The fourth day's start is an early one. Most parties leave Kibo Hut by midnight, after about six hours to rest in your sleeping bag. And most people do not really sleep up there. Much too high and too fast a climb. Never mind that, most people have a proper headache around here, but if you are feeling really sick you shouldn't attempt to go any higher but descend as fast as possible and anyway this should be the last really hard day.
Anyway: after leaving Kibo Hut you have to walk north for a short while, just enough to pass by the last small huts of the area and a rocky chaos placed behind them. A matter of five minutes before turning left (west) and beginning the climb. It's a long and dark one, just scree and stones to be seen in front of your feet at first. Slowly gaining altitude, you shall pass by the yellow signpost (in the ground in September 2001) indicating "Hans Meyer's Cave" and keep on going through a terrain becoming steeper and steeper. It's all a test for your strength of will. Keep going, be stubborn and the blue band of dawn will finally show up behind Mawenzi. About the time you reach Gilman's Point sunrise will become kind of a natural undescribable show and there will be only the final two hundred meters (or so) to climb to get to Uhuru Peak.
The bad news is that this final climb from Gilman's to the summit is still a long one. About a couple of thousand meters to be covered at almost 5900 meters. It will probably take all your physical and mental strength to reach the wooden sign of Uhuru Peak and the highest point in Africa, but it's the last push. The feeling is worth it and so are the sights.
Afterwards it will only be a matter of going back the same way and enjoying the feeling of thicker and thicker air. Be careful when descending from Gilman's Point to Kibo Hut. The scree will usually be much looser than it was on the way up, and might make for a nasty slip.
The walk from Kibo Hut back to Horombo Hut will be a glorious end for a big mountain day, with plenty of time to comment any previous happenings, and arrival to Horombo (in my experience) will close an exhausting but very special climb.
Not much to be said about this last day. An early wake-up will usually be the rule, in order to have breakfast and get back to Marangu Gate rather soon. That way, you should be able to get on the minibus (or whatever transportation is provided) quite soon and be back at the hotel for a relaxing shower and an afternoon rest. All the way down shall be full of memories of the way up. Only three or four days elapsed, and it seems like four years...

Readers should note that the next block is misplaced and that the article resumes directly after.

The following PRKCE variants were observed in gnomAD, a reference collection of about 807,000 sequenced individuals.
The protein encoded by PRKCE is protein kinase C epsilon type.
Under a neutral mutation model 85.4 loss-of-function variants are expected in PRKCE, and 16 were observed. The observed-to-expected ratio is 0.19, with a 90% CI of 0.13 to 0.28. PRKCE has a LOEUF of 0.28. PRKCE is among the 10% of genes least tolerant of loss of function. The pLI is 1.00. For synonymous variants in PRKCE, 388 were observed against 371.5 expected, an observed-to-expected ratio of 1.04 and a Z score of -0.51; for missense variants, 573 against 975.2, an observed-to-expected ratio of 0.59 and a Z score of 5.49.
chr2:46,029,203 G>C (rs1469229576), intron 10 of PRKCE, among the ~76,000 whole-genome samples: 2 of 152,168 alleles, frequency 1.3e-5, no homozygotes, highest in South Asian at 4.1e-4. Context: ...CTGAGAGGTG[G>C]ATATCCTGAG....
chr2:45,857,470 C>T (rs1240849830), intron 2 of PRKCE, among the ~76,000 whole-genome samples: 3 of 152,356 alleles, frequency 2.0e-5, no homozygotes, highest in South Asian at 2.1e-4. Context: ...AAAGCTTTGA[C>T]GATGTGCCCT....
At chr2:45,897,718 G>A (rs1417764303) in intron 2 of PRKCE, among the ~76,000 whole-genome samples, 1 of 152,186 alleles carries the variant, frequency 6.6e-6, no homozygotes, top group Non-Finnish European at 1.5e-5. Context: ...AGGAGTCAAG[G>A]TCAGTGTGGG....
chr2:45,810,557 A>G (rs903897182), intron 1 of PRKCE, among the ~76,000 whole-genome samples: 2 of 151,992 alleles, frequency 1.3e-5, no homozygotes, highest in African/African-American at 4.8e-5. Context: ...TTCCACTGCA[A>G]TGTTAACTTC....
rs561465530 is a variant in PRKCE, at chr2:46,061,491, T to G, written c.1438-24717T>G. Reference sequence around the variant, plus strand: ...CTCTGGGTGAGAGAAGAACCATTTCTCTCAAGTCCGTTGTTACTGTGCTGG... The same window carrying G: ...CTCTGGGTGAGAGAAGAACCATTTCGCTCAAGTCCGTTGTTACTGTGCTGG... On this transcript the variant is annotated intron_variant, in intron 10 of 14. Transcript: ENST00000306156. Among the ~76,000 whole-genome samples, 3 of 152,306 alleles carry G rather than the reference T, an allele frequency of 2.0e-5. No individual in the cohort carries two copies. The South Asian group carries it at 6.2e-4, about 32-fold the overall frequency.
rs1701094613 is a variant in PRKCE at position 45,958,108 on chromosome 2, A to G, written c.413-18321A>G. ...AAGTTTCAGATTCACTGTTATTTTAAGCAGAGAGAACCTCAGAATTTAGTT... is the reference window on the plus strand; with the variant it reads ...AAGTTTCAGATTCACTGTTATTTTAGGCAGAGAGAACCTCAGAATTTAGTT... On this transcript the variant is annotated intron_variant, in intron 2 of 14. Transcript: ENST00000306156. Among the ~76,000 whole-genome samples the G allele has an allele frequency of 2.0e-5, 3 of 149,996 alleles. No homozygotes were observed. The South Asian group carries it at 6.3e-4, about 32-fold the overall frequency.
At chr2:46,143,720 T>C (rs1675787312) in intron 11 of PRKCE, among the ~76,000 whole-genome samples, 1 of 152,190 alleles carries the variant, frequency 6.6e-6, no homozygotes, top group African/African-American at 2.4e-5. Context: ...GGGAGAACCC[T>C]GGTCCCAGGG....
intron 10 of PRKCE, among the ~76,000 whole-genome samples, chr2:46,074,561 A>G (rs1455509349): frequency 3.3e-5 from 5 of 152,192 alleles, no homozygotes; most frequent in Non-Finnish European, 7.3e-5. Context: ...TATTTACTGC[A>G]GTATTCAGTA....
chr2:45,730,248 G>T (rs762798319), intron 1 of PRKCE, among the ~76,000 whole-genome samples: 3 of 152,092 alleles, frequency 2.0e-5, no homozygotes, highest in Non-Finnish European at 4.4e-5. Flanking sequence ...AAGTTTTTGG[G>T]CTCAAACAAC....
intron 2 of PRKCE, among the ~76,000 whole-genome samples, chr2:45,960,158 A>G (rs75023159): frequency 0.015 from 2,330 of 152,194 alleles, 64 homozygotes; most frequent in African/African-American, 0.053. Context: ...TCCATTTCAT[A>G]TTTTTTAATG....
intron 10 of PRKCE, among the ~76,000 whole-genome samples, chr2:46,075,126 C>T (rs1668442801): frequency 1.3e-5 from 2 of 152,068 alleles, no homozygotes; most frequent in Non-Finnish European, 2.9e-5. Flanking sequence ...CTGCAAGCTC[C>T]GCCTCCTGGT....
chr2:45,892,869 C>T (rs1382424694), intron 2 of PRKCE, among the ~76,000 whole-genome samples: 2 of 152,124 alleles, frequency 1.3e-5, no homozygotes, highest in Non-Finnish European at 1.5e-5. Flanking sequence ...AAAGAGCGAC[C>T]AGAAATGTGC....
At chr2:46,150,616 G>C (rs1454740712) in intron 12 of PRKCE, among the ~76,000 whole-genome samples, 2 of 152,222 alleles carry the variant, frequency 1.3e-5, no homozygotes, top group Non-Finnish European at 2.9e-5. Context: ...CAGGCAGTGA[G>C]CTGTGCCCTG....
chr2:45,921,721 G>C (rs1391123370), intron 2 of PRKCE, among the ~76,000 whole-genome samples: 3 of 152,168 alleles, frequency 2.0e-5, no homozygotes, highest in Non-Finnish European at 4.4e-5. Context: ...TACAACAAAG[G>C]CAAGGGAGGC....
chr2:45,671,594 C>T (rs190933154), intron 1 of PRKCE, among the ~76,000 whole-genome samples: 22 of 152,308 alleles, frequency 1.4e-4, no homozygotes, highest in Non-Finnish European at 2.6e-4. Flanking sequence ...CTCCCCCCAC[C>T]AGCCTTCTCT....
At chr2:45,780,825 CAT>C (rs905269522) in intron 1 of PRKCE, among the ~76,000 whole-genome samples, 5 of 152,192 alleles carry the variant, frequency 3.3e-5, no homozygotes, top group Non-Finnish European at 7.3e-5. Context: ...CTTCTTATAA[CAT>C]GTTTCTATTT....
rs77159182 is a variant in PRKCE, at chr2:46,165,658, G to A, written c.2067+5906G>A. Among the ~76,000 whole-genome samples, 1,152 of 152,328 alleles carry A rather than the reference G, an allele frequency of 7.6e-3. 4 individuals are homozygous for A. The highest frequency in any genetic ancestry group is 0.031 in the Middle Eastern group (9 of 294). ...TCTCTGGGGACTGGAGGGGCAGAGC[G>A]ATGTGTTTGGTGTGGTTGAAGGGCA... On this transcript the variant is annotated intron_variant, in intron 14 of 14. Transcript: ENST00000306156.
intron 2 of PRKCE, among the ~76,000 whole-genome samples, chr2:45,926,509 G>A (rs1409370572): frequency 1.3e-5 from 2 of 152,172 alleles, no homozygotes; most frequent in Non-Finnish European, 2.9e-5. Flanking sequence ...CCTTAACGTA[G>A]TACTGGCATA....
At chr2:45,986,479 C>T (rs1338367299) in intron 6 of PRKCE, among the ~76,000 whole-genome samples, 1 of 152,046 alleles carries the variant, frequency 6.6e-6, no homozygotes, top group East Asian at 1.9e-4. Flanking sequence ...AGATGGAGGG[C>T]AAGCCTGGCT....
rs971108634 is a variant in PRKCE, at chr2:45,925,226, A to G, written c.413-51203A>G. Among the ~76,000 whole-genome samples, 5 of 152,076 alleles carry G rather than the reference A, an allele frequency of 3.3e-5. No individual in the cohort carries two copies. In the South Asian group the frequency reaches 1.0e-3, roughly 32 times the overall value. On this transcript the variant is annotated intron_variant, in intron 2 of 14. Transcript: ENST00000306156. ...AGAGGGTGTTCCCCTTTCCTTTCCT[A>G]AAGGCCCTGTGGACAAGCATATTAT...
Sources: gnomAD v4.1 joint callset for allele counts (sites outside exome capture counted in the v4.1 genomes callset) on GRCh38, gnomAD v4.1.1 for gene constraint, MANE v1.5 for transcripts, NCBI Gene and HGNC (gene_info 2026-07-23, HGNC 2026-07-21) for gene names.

Essential GearNo need for special technical material (rope, ice axe, crampons) if you come around in the normal season. Out of this months, consider this route a high mountain one. Always bring warm clothes, as good as possible, optimal boots and sun goggles. And don't forget good gloves and winter hat, whatever the time of the year.
In spite of being the easiest (technically!!) route to the top uf Uhuru Peak, and known to locals as "Coca-Cola Route", Marangu Route can become kind of a trap to badly acclimatized climbers. This problem arises as a consequence of the prohibition to camp in most places of the National Park and the location of the Huts. You can't really choose where to sleep (and it's good to protect nature like this), but that means you might have to climb higher than your body can really stand. Walk as slowly as you can, you are in no hurry to reach the next hut. If you can get there in six hours, there's no need to make it in four. Every minute spent on the trail works in your favour. In short, follow the expert advice from guides and porters: "Pole Pole".
An additional advice would to try and follow the old motto "Climb high, sleep low". Do not stay in the Hut during the afternoon, go out for a walk a little higher (make it one or two hours) and come back down for dinner.